Boris Johnson, the outspoken Mayor of London, responded to Salmond by saying “it would be bonkers to rewrite the constitution overnight”. Devolution will happen as promised, it just takes a little more time due to the obvious gravity of the matters at stake. The Mayor also reminded that as the devolution goes forward another, already earlier recognised issue of the so called West Lothian question finally needs addressing. This idea of “English votes for English laws” refers to the questionable right of Scottish (and also Welsh and Northern Irish) Members of Parliament to vote on matters that affect only England. According to many, as the English voice is less and less heard in issues concerning Scotland, it would be only fair to exclude Scottish MPs from the English debates.
Ukip planning to increase tuition fees for EU students
The less attractive tourist attraction
In London one becomes very familiar with queues, early bird deals and booking tickets far ahead to see the different shows and sights. It is guaranteed that whatever attraction you decide to go and see, you will not be alone: hundreds if not thousand have made the exact same plan to come and see that specific building, landmark, piece of art or even a bare road sign on that same day. Gets a bit too crowded, doesn’t it? This is not the case for all tourist attractions, however. While nearly seven million people visited The British Museum last year, guess how many visitors found their way to East Anglia’s Beacon Hill Fort? The correct – and rather depressing – answer is six. That works out at just one visitor every nine weeks, making Beacon Hill Fort the least popular attraction out of 1,279 listed by VisitEngland. So, it certainly doesn’t get chock-full in Beacon Hill Fort, which is somewhat surprising considering the importance of the site as one of Britain’s key defences against a possible Nazi invasion and that it wasn’t even decommissioned until the fifties. Oh, and it costs a moderate one pound to enter.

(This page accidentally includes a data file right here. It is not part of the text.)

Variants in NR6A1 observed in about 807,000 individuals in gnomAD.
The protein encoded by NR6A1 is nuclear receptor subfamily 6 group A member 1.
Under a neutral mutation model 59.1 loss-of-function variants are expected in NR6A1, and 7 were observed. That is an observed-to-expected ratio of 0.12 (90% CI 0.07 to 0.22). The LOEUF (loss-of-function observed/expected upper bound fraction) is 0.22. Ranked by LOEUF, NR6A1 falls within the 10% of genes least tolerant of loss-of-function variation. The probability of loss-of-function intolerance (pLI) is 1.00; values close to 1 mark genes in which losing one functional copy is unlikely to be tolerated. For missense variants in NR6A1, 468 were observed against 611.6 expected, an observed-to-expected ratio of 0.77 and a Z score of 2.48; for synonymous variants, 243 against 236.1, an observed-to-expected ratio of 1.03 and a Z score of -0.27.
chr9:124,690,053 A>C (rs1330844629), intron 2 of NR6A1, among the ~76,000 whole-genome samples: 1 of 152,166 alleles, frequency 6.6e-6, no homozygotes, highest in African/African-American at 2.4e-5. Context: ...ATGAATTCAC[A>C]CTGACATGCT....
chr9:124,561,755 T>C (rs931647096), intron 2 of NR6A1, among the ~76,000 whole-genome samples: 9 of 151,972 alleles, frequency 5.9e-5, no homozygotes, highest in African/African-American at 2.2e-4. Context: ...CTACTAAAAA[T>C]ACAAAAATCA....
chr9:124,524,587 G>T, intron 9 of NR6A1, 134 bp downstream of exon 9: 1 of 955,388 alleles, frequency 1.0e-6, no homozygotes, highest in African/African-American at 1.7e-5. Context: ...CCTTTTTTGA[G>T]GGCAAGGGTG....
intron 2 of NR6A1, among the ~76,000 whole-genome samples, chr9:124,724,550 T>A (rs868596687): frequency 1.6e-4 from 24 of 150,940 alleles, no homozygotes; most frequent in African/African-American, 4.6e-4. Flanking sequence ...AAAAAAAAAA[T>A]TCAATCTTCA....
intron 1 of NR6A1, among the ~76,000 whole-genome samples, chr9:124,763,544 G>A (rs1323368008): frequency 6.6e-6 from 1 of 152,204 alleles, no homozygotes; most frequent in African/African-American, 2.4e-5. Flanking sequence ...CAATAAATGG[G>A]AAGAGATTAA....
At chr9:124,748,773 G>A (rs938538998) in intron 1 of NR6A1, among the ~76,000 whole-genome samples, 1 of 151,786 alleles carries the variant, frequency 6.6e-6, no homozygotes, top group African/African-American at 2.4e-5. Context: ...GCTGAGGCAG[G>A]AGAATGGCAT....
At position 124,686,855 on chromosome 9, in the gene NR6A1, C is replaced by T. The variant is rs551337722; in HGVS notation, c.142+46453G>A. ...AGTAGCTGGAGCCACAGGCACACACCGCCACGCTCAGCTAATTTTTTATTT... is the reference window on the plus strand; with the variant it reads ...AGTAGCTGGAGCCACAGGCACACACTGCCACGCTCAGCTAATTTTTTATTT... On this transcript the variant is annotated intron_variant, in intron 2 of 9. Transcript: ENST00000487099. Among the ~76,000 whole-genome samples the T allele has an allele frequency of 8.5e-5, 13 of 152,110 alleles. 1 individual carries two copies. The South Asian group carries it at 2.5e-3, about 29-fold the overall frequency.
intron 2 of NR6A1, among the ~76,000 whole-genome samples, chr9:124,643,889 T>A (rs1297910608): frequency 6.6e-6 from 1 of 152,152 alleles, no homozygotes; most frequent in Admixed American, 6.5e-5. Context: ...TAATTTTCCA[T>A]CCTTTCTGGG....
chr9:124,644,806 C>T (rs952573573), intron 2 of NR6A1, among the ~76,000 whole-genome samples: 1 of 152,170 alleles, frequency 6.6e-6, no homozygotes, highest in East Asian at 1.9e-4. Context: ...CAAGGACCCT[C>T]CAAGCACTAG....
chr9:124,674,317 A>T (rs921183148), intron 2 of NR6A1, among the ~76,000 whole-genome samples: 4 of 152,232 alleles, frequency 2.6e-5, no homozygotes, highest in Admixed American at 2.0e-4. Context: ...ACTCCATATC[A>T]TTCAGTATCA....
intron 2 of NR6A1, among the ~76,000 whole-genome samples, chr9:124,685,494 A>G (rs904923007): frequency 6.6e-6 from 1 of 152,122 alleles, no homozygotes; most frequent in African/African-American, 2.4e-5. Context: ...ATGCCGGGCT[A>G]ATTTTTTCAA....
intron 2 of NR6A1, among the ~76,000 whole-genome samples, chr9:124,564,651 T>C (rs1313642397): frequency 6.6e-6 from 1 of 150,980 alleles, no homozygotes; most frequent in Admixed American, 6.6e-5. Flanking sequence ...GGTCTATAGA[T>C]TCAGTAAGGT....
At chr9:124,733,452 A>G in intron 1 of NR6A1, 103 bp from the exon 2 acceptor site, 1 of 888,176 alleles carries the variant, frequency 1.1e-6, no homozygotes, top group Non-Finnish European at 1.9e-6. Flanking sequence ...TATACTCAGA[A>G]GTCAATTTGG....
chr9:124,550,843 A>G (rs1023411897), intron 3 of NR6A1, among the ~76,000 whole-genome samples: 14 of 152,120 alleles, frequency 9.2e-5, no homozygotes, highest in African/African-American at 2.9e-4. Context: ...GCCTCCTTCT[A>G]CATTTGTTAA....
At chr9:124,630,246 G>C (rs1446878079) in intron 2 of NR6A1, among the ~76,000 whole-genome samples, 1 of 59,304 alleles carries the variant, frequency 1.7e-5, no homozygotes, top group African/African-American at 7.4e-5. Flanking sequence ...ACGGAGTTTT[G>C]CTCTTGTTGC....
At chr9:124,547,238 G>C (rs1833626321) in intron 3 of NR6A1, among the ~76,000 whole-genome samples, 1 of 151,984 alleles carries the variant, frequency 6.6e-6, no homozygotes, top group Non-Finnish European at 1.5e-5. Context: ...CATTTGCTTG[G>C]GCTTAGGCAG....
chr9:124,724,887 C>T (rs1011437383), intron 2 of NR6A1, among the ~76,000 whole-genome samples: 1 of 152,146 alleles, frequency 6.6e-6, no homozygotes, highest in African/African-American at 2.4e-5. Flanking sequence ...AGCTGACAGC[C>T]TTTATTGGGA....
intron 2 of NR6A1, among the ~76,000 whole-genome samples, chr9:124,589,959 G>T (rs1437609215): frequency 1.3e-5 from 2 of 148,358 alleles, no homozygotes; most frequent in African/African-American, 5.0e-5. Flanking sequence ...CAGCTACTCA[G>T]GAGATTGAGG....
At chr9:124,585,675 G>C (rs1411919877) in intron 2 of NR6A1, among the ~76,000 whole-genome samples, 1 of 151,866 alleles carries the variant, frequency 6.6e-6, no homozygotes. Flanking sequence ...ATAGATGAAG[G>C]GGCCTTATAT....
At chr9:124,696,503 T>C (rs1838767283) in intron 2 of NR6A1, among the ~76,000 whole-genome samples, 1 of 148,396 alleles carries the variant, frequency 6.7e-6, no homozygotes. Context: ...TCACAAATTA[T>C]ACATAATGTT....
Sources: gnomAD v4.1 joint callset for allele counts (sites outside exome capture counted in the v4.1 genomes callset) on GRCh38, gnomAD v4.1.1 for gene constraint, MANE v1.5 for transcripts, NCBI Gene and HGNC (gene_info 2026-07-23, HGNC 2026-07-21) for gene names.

The lack of visitors might not be completely the sight’s fault though: currently it only opens its doors on one Sunday a month from 2pm till 4pm. But still, only six visitors per year is about 79,994 less than the Pencil Museum in Keswick gets. That is a museum devoted to bits of wood wrapped around some graphite.
After all, Beacon Hill Fort has some unquestionable historical value and is surely worth seeing. If historical fortresses are not your cup of tea, you can always pencil in a trip to Keswick.